As far as laws relating to economic and trade matters are concerned, many of the doctrines that Islamic jurisprudence has developed over centuries have been quietly ditched in the past decades.
For example, Islamic jurisprudence bans both banking and insurance. But the Muslim world today is full of banks and insurance companies. Why? Because maslehah demands it. Charging interests is also banned in Islamic jurisprudence. In real life, however, interest is paid and received in every single Muslim country every day, albeit under a different label.
Even where Islamic jurisprudence is crystal clear, for example on taxes, not a single Muslim state today bases its fiscal policies on such traditions.
Some critics are concerned that giving Islam a prominent place in the constitution could lead to "reactionary legislation" on such issues as marriage and divorce and the status of women.
That concern, although understandable, may be exaggerated. Politically, all parties are agreed that women should retain their newly won quotas and thus maintain a strong presence in political life, especially in the parliament.
When it comes to issues of personal life, notably marriage, divorce and inheritance, traditional Islamic jurisprudence is slanted against women. But it is important to remember one fact: All issues of personal life in Islam are regarded as contractual matters, and thus could be handled in many different ways.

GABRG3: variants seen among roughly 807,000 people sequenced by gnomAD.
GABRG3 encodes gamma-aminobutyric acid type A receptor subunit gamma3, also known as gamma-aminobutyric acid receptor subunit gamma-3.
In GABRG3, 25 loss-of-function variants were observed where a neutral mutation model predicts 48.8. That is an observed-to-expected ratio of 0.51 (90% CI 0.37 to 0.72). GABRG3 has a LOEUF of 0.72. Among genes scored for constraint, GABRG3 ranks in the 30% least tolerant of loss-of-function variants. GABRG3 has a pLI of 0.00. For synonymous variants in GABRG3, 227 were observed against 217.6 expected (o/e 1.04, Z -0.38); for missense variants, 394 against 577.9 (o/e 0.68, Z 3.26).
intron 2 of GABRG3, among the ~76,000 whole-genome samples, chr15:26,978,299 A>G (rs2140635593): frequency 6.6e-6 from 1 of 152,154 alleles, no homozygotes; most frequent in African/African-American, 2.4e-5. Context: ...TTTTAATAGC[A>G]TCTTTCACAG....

For example, marriage — seen as a sacrament in Christianity — is no more than a civil contract (aqd-e-nikah) in Islam. A woman can't abrogate the general right of polygamy for all men, but she can stipulate in her marriage contract that her future husband will not take any other wife. (Indeed, even traditional Islamic law is clear that no man may take an another wife without the willing consent of his first spouse.)
As for inheritances, while an individual cannot annul the Islamic rule in general, he is free to write a testament the way he likes — e.g., by leaving any portion of his property to his daughters.
On such issues of personal life, the best course is not to pit the state against religion, while making it clear that the state will not tolerate the unjust treatment of any citizen against his or her will.
THE Iraqi draft is not ideal. It won't turn Iraq into the Switzerland of the Mid dle East overnight. It includes articles that one could not accept without holding one's nose. But the fact remains that this is still the most democratic constitution offered to any Muslim nation so far.
And the people of Iraq have the chance to reject it if they feel it doesn't reflect their wishes. That, too, is a chance that few Muslim nations have enjoyed.
With the new constitution, Iraq is taking a giant leap away from despotism. Many had hoped that Iraq would take a bigger leap. But wishes, alas, are not horses, at least not in politics.
Iranian author Amir Taheri is a member of Benador Associates.
This author talks about how the consitution is stinky in places and still might fail. We lost 1900 troops for this?
Regardless whether this constitution passes or fails the essential problem is you have 3 ethnic groups and only 2 have bought into the process. The third is ready to go to the mattresses. How is this a positive outcome?
the author doesn't even seem to be hopeful of a positive conclusion. He's more informative and declarative - which is pretty weak.